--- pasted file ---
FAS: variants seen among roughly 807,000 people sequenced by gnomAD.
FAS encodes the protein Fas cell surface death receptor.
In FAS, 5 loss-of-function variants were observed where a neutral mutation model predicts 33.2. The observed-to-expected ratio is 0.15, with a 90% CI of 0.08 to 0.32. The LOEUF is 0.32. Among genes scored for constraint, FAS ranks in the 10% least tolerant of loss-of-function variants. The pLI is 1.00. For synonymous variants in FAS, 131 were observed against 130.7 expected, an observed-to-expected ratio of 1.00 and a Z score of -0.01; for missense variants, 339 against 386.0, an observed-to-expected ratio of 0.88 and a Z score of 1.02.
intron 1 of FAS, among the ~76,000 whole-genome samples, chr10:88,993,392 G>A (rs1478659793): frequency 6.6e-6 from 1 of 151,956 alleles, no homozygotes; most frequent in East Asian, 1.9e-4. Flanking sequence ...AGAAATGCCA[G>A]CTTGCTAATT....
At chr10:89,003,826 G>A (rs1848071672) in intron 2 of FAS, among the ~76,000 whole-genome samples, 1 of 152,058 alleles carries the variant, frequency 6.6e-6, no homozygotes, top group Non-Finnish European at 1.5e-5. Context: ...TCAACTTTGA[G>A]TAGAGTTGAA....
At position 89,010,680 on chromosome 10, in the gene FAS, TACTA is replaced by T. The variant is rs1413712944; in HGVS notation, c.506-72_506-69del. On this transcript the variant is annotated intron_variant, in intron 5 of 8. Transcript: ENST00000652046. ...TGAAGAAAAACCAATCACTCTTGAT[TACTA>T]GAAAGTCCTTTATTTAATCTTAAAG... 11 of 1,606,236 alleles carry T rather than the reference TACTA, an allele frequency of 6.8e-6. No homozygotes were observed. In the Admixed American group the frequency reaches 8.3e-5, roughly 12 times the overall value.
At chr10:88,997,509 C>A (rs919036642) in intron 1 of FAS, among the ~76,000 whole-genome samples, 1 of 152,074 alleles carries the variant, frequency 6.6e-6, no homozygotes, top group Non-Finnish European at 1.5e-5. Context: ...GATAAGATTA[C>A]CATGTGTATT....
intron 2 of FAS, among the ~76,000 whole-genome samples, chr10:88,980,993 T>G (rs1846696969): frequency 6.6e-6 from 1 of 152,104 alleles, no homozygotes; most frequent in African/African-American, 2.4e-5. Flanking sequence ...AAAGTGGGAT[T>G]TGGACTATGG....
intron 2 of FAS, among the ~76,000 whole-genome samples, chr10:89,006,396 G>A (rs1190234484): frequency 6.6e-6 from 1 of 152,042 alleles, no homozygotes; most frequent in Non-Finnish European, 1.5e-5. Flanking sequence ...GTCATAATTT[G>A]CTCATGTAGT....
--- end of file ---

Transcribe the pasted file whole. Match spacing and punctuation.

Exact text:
FAS: variants seen among roughly 807,000 people sequenced by gnomAD.
FAS encodes the protein Fas cell surface death receptor.
In FAS, 5 loss-of-function variants were observed where a neutral mutation model predicts 33.2. The observed-to-expected ratio is 0.15, with a 90% CI of 0.08 to 0.32. The LOEUF is 0.32. Among genes scored for constraint, FAS ranks in the 10% least tolerant of loss-of-function variants. The pLI is 1.00. For synonymous variants in FAS, 131 were observed against 130.7 expected, an observed-to-expected ratio of 1.00 and a Z score of -0.01; for missense variants, 339 against 386.0, an observed-to-expected ratio of 0.88 and a Z score of 1.02.
intron 1 of FAS, among the ~76,000 whole-genome samples, chr10:88,993,392 G>A (rs1478659793): frequency 6.6e-6 from 1 of 151,956 alleles, no homozygotes; most frequent in East Asian, 1.9e-4. Flanking sequence ...AGAAATGCCA[G>A]CTTGCTAATT....
At chr10:89,003,826 G>A (rs1848071672) in intron 2 of FAS, among the ~76,000 whole-genome samples, 1 of 152,058 alleles carries the variant, frequency 6.6e-6, no homozygotes, top group Non-Finnish European at 1.5e-5. Context: ...TCAACTTTGA[G>A]TAGAGTTGAA....
At position 89,010,680 on chromosome 10, in the gene FAS, TACTA is replaced by T. The variant is rs1413712944; in HGVS notation, c.506-72_506-69del. On this transcript the variant is annotated intron_variant, in intron 5 of 8. Transcript: ENST00000652046. ...TGAAGAAAAACCAATCACTCTTGAT[TACTA>T]GAAAGTCCTTTATTTAATCTTAAAG... 11 of 1,606,236 alleles carry T rather than the reference TACTA, an allele frequency of 6.8e-6. No homozygotes were observed. In the Admixed American group the frequency reaches 8.3e-5, roughly 12 times the overall value.
At chr10:88,997,509 C>A (rs919036642) in intron 1 of FAS, among the ~76,000 whole-genome samples, 1 of 152,074 alleles carries the variant, frequency 6.6e-6, no homozygotes, top group Non-Finnish European at 1.5e-5. Context: ...GATAAGATTA[C>A]CATGTGTATT....
intron 2 of FAS, among the ~76,000 whole-genome samples, chr10:88,980,993 T>G (rs1846696969): frequency 6.6e-6 from 1 of 152,104 alleles, no homozygotes; most frequent in African/African-American, 2.4e-5. Flanking sequence ...AAAGTGGGAT[T>G]TGGACTATGG....
intron 2 of FAS, among the ~76,000 whole-genome samples, chr10:89,006,396 G>A (rs1190234484): frequency 6.6e-6 from 1 of 152,042 alleles, no homozygotes; most frequent in Non-Finnish European, 1.5e-5. Flanking sequence ...GTCATAATTT[G>A]CTCATGTAGT....